I am proud to live in a country that celebrates diversity and inclusion. Talented immigrants arrive every year to call Canada home, and these newcomers shape this country's future in important ways. Earlier this year, I wrote about the value of honouring the immigrants that help make Canada better. It was a broad call to acknowledge the social, economic and cultural contribution that thousands of immigrants make to our country.
What struck me about this year's RBC Top 25 Canadian Immigrants Awards honourees was that so many of them are either relatively young themselves, or their efforts and energy have been focused on empowering Canada's youth - our next generation of leaders - through mentorship and support. Each of the examples below has an inspiring story. (Their Canadian hometown and where they immigrated from are in brackets).
• Dr. Azita Haddadi (Saskatoon/Iran): A doctor of pharmacy, Azita's research program at the University of Saskatchewan focuses on novel approaches for cancer treatments, and her work has won a number of grants and awards. She encourages young researchers and students to strive for success, and looks to provide new opportunities for them.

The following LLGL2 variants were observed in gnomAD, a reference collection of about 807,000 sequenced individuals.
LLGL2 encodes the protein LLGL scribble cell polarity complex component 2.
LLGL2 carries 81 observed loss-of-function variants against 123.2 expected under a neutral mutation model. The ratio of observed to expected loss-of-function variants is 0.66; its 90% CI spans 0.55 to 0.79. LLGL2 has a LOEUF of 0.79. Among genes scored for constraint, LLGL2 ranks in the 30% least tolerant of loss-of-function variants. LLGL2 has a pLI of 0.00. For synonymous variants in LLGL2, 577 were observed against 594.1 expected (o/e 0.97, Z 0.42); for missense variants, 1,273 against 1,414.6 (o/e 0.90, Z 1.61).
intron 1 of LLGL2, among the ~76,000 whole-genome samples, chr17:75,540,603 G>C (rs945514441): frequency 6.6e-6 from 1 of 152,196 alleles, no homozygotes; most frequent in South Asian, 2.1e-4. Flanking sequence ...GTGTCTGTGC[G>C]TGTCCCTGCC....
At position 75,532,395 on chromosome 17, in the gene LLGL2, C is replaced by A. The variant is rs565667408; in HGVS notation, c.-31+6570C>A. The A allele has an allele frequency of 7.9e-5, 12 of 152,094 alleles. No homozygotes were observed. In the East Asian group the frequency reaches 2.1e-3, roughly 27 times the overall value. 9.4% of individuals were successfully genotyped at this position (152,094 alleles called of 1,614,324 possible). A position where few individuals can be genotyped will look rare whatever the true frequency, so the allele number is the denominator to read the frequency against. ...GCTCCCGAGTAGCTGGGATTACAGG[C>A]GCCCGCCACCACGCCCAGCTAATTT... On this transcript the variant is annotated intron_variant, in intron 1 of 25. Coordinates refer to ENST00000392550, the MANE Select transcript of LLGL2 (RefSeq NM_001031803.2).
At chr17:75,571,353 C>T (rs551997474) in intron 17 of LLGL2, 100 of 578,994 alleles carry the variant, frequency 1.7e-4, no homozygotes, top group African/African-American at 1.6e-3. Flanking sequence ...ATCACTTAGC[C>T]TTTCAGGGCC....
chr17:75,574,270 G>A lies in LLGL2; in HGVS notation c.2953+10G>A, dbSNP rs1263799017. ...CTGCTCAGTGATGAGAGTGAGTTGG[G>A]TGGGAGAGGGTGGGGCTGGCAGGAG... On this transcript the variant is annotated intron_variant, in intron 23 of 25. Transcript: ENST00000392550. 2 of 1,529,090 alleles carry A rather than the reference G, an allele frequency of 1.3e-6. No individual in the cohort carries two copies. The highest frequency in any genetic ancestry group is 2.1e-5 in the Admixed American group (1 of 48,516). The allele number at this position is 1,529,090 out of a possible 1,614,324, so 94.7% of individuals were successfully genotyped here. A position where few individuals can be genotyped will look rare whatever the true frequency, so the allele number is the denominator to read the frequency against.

• Narmin Ismail (Toronto/Kenya): Narmin's passion is empowering young women through education. As the founder and CEO of the Spark of Hope Foundation, her mission is to provide university-level educational scholarships to young women from the developing world, helping to create female leaders.
• Tilak Chawan (St. John's, Newfoundland & Labrador/Bhutan): As a settlement worker, Tilak helps young newcomers and refugees integrate seamlessly into the school system. He also promotes diversity initiatives in communities across the province.
• Leen Al Zaibak (Toronto/Syria): Leen works at Free The Children, an international charity that organizes the WE Day and We Schools initiatives in Canada, the U.S. and the U.K. She is also a co-founder of Jusoor, an international non-governmental organization, which helps Syrian youth to realize their potential through programs in the fields of education, career development and global community engagement.
• Kumaran Thillaindarajah (Fredericton/Sri Lanka): This young immigrant started Smart Skin Technologies while a 23-year-old student at the University of New Brunswick. He originally designed a pressure-sensitive skin technology for use with prosthetics, but which now has wider applications and is being used in packaging and pharmaceuticals. His contribution has created jobs, as well as enhanced the reputation of New Brunswick within the tech and innovation community
These honourees are true examples of the real and significant role that newcomers are playing in making Canada a great place to live and work. They have incredible drive and passion and are represented across all industries, from artists to business owners. I'm sure we could recognize 100 Canadian immigrants every year if the number of nominations that we receive is any indication of the pool of talent that exists in this country.
Most importantly, I'm reassured that the future of Canada is in good hands.
Are you making an important contribution to Canada, or know someone who is? Share your story in the comments below, or @RBC_Canada.
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